The sudden lack of visits by her male, with his special male aggressive displays, triggers hormonal changes that allow the largest female to begin to change sex. Within 2 hours, she has taken over his role and is performing the male aggressive displays to the other females of the group. Within as little as a day she can be performing as a male in courtship and spawning (although it takes 2-3 weeks for viable sperm to be released). Ross also found that the loss of a male did not always lead to sex reversal and a smooth reassignment of roles. Sometimes a neighboring male, noticing that the neighbor is no more, is able to take over the harem, adding those females and the new territory to his existing social group, and preventing the largest female from changing sex. He even described one case where a dominant female began showing the male aggressive display, was then forced back into a female role by the neighboring male who attempted to take over, but then resumed male behavior and forced the neighbor male to back off. She ultimately became a fully functional male at that site.
Two Labroides dimidiatus cleaning a larger potato cod, the grouper, Epinephelus tukula, at Osprey Reef, in the Coral Sea. Photo © Richard Ling via Wikimedia Commons
Ross Robertson’s work was the first discovery of the way in which the playing out of a social behavior – the male aggressive display – can suppress sex reversal in a female otherwise primed to change sex. Not all protogynous hermaphrodites have sex reversal controlled by behavior, but we now know a number of other protogynous fish species do.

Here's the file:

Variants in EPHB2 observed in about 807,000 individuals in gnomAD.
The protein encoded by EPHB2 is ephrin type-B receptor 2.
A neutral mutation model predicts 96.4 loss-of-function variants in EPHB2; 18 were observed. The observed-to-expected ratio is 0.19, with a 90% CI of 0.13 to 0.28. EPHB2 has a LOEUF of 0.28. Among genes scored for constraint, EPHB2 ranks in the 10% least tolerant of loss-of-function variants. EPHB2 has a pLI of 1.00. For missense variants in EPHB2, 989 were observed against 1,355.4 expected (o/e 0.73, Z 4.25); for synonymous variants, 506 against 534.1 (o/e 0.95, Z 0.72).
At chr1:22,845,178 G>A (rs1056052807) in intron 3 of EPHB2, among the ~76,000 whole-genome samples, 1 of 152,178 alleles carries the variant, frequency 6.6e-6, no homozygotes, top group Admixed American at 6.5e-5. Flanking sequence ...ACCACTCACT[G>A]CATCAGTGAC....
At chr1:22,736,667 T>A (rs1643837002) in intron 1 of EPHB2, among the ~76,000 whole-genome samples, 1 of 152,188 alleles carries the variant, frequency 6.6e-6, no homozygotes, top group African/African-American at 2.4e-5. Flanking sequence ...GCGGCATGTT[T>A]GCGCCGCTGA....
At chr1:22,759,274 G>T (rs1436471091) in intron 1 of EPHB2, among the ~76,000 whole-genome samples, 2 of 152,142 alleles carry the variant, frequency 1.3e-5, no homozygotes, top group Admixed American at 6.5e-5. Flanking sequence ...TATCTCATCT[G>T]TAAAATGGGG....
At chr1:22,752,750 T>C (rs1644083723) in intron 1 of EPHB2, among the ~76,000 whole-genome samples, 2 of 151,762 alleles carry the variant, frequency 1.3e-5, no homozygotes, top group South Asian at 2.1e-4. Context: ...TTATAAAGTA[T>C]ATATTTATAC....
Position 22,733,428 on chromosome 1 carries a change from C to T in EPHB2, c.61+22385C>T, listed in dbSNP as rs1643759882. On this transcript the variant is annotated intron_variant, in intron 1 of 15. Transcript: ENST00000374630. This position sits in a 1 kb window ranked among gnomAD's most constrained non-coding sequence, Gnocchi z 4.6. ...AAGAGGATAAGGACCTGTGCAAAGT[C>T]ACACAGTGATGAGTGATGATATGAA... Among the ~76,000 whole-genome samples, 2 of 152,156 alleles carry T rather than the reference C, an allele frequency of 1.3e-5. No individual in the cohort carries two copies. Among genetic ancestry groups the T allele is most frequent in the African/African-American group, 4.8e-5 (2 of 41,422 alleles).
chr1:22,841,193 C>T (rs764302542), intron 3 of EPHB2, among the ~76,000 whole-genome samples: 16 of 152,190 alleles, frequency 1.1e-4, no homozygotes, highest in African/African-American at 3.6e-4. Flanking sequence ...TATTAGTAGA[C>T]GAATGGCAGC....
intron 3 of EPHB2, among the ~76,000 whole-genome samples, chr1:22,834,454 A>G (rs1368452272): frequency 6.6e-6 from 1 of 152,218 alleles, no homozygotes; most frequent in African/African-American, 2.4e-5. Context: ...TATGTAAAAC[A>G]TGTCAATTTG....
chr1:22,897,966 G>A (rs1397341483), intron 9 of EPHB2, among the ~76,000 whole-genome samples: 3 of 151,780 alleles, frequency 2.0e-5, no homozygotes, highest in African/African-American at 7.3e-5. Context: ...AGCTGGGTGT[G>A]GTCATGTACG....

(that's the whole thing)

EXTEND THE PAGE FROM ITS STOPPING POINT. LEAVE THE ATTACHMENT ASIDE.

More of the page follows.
Ross Robertson moved on from cleaner wrasses after completing his Ph.D. He went to a post-doc and ultimately a long and successful career as a tropical fish ecologist, biogeographer and systematist based at the Smithsonian Tropical Research Institute in Panama where he is busy today seeking to unravel more mysteries of the fishes of coral reefs. Work on the cleaner wrasse by other people has revealed many more amazing facts: Their feeding activities substantially reduce the external parasite load on other reef fishes. Preventing access to cleaners can raise parasite loads on a client fish five-fold in a day. Cleaner fish use gentle tactile stimulation with their pelvic fins to calm client fishes and make them receptive. And cleaner stations are places where clients waiting to be serviced experience less aggression from larger piscivorous clients that are also aggregating to be cleaned.